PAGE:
As Google continues to regularly update its algorithms this summer, how important is knowing the strength of your content? You guessed it… very! One of the key ways to do this is by actioning a well-structured content audit and I am going to give you an overview of how best to go about reviewing your content, in the hope that you either action an audit or seek some help in ensuring your content is fully optimised. We are all operating in a Google climate that is ever more focused on relevant and in-depth content, so you don’t want to fall behind competitors when some understanding and planning is often all that is needed to rank higher.
What Content to Include in your Audit
How to Set Up for a Content Audit
Following the collection of all content, the next step is to collate it all into one document. Tools like Screaming Frog, Corigan and SEMrush can help to make this step much more streamlined, yet still require an experienced eye to ensure the crawling settings are set up properly (as well as spotting any technical issues which we referred to in the previous section).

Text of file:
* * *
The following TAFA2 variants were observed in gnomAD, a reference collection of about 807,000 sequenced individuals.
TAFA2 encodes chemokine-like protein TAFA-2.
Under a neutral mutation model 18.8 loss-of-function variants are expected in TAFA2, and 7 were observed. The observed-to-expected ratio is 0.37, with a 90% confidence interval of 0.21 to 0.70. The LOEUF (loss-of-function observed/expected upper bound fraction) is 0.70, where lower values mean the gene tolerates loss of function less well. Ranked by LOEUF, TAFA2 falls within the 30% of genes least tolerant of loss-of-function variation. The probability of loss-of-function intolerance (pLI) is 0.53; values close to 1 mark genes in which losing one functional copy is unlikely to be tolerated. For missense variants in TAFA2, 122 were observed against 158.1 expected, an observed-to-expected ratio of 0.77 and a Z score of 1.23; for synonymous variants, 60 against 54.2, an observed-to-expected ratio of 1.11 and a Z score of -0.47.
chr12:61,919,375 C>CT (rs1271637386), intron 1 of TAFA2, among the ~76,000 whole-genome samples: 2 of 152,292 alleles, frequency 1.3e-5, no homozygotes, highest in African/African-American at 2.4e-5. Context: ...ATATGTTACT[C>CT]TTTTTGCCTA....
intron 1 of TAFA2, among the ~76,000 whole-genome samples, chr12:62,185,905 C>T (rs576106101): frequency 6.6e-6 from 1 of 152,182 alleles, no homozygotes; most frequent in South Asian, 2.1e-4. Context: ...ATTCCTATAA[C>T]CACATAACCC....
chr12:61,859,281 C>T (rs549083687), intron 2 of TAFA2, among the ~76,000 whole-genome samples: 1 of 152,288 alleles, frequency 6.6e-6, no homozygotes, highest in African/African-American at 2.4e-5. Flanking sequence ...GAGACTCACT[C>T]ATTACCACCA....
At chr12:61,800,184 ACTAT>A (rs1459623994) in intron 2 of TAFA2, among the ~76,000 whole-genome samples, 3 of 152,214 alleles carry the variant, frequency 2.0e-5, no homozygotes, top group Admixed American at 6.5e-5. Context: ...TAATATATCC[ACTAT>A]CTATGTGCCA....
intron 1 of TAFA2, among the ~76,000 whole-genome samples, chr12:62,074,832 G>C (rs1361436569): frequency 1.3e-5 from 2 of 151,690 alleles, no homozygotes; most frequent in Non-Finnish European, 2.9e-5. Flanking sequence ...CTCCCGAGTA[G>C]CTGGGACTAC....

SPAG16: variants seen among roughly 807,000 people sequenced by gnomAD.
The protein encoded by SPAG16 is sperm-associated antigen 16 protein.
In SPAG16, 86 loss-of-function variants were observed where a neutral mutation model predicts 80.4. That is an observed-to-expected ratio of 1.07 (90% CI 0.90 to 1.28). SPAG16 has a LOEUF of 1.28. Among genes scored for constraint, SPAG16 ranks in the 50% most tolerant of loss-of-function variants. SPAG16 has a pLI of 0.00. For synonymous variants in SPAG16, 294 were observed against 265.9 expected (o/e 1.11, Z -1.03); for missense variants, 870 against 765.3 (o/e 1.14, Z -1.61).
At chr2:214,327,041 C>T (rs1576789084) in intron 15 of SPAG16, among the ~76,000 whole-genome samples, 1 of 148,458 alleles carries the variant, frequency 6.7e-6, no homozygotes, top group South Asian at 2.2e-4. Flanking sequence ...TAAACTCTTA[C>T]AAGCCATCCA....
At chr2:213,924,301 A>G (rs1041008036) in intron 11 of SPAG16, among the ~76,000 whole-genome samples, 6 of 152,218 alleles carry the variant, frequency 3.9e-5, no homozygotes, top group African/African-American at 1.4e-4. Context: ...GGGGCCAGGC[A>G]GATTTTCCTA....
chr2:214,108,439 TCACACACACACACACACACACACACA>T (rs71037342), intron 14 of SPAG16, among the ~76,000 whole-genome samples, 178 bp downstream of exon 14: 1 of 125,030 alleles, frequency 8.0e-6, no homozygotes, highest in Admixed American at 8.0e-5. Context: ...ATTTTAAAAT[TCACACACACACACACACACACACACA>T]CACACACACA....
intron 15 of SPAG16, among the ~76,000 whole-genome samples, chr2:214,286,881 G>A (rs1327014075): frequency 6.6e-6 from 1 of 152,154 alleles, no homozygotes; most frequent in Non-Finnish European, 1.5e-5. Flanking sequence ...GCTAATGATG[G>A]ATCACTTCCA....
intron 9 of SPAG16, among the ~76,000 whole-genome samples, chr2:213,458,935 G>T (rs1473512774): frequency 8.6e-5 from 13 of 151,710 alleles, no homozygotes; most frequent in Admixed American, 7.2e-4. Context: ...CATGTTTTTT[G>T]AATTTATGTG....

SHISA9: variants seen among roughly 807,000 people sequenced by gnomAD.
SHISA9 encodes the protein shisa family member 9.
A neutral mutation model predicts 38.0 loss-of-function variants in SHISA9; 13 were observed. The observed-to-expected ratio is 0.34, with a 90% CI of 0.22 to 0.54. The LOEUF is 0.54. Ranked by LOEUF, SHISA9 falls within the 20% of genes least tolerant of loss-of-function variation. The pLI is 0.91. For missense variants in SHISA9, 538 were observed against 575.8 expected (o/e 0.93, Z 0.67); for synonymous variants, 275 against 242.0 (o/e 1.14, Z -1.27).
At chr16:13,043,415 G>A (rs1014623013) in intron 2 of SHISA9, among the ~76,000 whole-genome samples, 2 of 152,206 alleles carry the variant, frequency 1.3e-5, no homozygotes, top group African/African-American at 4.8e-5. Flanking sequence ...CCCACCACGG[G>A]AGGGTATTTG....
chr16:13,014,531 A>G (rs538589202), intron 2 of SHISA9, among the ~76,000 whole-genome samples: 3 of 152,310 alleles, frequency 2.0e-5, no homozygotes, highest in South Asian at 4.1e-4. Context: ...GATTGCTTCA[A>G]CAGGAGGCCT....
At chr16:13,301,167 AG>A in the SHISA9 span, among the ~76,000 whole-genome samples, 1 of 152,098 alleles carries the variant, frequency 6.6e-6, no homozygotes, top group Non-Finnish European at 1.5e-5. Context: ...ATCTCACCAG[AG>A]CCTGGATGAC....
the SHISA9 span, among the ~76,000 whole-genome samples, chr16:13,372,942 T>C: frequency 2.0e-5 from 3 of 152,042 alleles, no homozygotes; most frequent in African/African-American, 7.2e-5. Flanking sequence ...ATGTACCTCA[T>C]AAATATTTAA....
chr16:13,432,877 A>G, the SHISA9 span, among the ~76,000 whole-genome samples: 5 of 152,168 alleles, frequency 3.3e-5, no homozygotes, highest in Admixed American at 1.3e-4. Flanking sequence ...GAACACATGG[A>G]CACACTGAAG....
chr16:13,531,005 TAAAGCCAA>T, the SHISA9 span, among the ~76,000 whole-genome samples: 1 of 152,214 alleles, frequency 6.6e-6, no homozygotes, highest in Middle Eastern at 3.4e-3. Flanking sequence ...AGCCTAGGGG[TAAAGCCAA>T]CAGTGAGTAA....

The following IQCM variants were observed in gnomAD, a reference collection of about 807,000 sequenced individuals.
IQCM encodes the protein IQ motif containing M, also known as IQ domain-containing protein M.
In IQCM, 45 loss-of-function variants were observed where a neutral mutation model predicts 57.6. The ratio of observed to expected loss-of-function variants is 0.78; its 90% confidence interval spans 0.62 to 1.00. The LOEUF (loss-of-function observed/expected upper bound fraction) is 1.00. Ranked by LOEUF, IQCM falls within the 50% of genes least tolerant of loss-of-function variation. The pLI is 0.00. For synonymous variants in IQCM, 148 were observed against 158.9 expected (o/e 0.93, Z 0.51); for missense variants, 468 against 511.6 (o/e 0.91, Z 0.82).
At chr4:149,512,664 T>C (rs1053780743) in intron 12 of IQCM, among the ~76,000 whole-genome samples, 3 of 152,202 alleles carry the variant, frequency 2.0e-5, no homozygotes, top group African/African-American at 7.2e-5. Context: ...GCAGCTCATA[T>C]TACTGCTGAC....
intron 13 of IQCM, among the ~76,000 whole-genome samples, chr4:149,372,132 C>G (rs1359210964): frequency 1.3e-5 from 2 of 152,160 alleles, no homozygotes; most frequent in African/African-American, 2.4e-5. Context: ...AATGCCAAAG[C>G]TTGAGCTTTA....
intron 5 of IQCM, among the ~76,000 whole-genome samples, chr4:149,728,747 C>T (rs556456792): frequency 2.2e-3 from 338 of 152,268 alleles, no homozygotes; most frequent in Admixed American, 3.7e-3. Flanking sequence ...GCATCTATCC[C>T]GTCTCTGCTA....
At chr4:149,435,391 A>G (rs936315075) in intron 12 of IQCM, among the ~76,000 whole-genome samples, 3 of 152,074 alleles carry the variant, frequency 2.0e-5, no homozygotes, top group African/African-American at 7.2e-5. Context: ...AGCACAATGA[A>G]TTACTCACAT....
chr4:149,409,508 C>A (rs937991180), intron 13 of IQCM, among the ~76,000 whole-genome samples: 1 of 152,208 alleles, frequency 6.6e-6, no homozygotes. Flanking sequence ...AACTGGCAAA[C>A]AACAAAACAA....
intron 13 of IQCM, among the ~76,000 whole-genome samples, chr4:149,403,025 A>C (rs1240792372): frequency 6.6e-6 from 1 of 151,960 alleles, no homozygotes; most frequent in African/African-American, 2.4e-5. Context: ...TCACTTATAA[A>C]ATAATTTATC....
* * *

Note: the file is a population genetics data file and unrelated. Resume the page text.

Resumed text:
Once all of the content has been collated in one location, you want to begin categorising it. Segment the content into elements such as H1s, meta descriptions and page titles.
Following the segmentation, you want to see if there is any evergreen content on your site. Hopefully there is – and if you aren’t sure what evergreen content is, I’ll explain: content that will never go out of date, is always relevant to your brand or organisation, and will always generate impressions and clicks through search engines, is your evergreen content.
Now that all of your content is ready to be analysed, you need to ensure that you have your up-to-date keyword basket ready to compare against your content. This will then enable you to spot areas that are not keyword optimised and are therefore a focus for your suggestions at the end of your audit.